11. Let me preface all this by saying I have not read the article. I don’t have an account with the Times. So I could be way off on what I read into your discussion with your mom.

    What I meant by “your black point of view” was that we all have biases we see the world thru. I was trying to be sensitive to the way I said that. As a white person I have biases I see the world thru. They cause me to feel like I need to walk on egg shells when discussing racial issues with black people. I was simply trying to say I understood you were speaking as a member of the black community in America. I was not speaking toward historians or socioligists, and their take on things.

    I was, I think, agreeing some what with your mom on the varied socio-economic communities point. I was only trying to expand the horizon by saying isn’t that a truth for all races. Not just the black race. I make the assumption that your mother was saying the moral fiber moved away. Those that had the ability to help moved away. Those that could lead moved away. Is that not what is being said? I was only trying to say white lower class, hispanic lower class, black lower class all have issues and struggles that come from these loses. Not exclusively these loses, and maybe not in the same way.

    My brain sometimes makes connections that I don’t write out, or my comments would go on for ever. So by recent event, I basically meant there are still people alive that remember it. There is not as many people alive that can personnal share about the socio-economic impact of the world wars on white America. Noone can testify to how Native Americans being forced to look and act Europian changed their culture. You can study the Native American plight, and discuss the current effects of being Americanized. Which is probably way different than the drastic, and immediate, change something like the Trail of Tears had on their society. So you as a black people still have alot of people that can say how the 60’s changed things.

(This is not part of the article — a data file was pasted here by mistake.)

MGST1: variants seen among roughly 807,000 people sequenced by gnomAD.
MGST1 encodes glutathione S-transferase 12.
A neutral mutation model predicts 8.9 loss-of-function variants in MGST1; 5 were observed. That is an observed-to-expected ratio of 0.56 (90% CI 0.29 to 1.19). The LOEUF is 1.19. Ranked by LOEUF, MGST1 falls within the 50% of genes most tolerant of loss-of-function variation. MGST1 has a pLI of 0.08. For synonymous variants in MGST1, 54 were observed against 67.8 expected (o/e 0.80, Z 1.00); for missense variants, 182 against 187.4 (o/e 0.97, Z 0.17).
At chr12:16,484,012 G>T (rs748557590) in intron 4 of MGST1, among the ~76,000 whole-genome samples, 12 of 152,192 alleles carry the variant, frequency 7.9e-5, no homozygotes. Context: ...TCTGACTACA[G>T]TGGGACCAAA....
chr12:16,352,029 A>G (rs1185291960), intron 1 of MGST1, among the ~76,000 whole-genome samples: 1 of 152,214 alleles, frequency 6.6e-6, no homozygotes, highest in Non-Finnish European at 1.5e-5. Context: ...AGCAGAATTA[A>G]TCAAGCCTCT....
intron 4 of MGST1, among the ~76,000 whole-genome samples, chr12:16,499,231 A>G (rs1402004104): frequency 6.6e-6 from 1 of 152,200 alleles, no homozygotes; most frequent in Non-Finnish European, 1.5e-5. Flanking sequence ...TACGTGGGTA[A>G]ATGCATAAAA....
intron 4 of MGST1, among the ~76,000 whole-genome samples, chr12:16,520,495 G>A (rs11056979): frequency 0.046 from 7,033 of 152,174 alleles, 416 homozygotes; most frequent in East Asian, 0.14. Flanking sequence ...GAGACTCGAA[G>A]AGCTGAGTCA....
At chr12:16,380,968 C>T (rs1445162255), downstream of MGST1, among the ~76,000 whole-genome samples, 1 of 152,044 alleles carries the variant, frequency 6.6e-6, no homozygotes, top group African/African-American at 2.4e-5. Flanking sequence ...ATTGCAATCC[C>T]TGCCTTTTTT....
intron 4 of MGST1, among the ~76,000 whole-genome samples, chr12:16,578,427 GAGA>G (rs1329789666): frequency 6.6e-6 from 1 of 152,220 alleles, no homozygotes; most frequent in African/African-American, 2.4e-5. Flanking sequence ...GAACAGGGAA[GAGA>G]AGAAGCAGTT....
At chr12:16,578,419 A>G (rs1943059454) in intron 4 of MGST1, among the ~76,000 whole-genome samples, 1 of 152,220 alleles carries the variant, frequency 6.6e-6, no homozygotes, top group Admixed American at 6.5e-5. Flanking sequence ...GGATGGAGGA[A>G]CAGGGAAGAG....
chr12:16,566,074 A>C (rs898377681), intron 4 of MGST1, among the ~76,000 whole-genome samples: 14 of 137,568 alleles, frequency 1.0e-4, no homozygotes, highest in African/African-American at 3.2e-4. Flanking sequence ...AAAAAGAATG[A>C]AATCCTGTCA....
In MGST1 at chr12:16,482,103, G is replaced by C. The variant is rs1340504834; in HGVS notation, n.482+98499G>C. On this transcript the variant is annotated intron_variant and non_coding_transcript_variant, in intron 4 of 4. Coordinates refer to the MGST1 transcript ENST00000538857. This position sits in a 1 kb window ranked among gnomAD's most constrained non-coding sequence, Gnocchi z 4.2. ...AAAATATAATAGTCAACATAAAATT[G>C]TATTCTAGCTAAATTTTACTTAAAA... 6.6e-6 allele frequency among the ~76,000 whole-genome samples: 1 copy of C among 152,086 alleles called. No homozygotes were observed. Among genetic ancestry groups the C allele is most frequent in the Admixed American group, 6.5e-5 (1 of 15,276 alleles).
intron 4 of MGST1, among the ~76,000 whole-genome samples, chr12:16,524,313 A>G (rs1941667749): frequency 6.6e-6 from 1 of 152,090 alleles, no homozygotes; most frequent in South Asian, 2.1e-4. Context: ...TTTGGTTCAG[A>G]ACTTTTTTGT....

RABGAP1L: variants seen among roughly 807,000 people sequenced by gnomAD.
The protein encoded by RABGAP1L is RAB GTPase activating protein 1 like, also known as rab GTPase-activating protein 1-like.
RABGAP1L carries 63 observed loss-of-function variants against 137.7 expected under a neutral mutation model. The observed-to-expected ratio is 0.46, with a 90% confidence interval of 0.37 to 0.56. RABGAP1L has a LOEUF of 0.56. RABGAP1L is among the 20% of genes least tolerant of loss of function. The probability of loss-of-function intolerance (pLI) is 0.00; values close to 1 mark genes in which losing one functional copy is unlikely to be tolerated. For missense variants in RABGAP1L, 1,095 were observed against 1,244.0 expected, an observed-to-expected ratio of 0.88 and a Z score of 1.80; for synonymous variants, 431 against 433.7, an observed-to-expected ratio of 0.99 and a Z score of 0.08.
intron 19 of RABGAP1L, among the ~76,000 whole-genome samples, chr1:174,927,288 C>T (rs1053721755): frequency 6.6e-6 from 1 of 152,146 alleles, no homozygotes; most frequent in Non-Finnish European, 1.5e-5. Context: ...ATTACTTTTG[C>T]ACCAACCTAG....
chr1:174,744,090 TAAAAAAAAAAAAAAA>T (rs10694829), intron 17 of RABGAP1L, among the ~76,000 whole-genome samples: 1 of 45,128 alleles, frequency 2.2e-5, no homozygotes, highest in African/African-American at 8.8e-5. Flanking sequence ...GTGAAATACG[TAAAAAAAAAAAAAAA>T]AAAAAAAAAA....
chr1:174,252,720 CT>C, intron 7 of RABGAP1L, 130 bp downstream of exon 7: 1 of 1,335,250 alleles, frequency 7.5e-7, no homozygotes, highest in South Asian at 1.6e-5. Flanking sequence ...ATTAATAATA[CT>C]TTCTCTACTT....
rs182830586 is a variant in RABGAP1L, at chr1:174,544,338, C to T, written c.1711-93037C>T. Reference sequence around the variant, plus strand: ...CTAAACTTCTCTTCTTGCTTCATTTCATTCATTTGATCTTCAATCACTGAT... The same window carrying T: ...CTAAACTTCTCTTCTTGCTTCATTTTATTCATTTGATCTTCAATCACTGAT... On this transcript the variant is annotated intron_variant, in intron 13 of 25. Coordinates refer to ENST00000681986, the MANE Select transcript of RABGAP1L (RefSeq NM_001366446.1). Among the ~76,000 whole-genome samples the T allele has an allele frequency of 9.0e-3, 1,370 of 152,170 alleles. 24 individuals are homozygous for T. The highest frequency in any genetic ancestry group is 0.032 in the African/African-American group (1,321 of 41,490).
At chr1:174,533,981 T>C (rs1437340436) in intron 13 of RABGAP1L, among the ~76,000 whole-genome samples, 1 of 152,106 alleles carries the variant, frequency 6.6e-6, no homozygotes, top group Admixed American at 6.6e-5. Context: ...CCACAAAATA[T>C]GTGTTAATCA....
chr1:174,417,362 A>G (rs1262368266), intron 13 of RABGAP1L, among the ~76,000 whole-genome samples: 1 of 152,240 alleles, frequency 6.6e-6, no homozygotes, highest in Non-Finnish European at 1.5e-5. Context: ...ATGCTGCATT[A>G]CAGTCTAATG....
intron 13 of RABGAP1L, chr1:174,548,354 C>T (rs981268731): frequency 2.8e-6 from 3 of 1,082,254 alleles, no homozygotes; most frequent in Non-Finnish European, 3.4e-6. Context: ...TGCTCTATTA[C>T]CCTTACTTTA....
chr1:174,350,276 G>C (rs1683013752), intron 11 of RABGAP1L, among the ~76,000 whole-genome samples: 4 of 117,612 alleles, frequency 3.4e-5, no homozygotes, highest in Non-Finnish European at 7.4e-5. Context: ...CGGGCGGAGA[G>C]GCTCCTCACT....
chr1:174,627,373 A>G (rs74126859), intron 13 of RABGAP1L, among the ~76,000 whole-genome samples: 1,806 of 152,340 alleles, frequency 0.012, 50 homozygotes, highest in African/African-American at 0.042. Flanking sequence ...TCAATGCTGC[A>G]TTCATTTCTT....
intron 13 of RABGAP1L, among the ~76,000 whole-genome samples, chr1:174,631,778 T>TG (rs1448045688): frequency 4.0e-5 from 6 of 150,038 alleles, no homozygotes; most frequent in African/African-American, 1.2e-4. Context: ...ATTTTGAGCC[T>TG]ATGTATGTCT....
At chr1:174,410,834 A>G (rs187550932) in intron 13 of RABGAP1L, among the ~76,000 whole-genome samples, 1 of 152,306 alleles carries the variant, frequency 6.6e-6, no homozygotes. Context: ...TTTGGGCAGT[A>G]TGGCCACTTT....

How do you not make a moral judgement? You are talking about people that know what it was like. They got out, or their parents did. Now they seem to have an out of sight out of mind response to the inner city plight. It might by reality, but that doesn’t make it right. Obviously the move out was not wrong. I just thing the lack of help there after is.

    I think “The Dream” was really a spiritual dream. King was a man of God, and I believe he had a vision of God’s reality being lived out in America. I only own a compilation of his speeches and sermons, but I am always up for an interesting read. I guess I was simply trying to say when can we start focusing on the positive.

    All though I minored in sociology, I am probably mostly clueless to who to read on racial issues. I remember, and own, a book I believe with title that had water and well in it. Talking about a black man, with like a dozen siblings, raised by their single white mother in inner harlem. I believe. Also own and read that Abul-Jammal(?) guys book. The journalist convicted of a cop killing that is or was on death row.

    My area of study was psych. I think you cannot move on until you, yes, remember rightly, have closure, and choose to let go and move on. I don’t think I am disagreeing with you. I am, like I said, trying to expand the horizon, and look for the positive.

  12. Your mother makes a valid point and I agree with her to great extent. However, how do we integrate again? What about different mind sets? Do you realize how long it could take for us to find a happy medium with one another? What about taxes? For the people that already live there, taxes are sure to increase. If we are going to re-integrate the black communities, it would have to be a well thought out process. We can not be like Nike. Definitely possible. Do you have any plans of action or proposed solutions?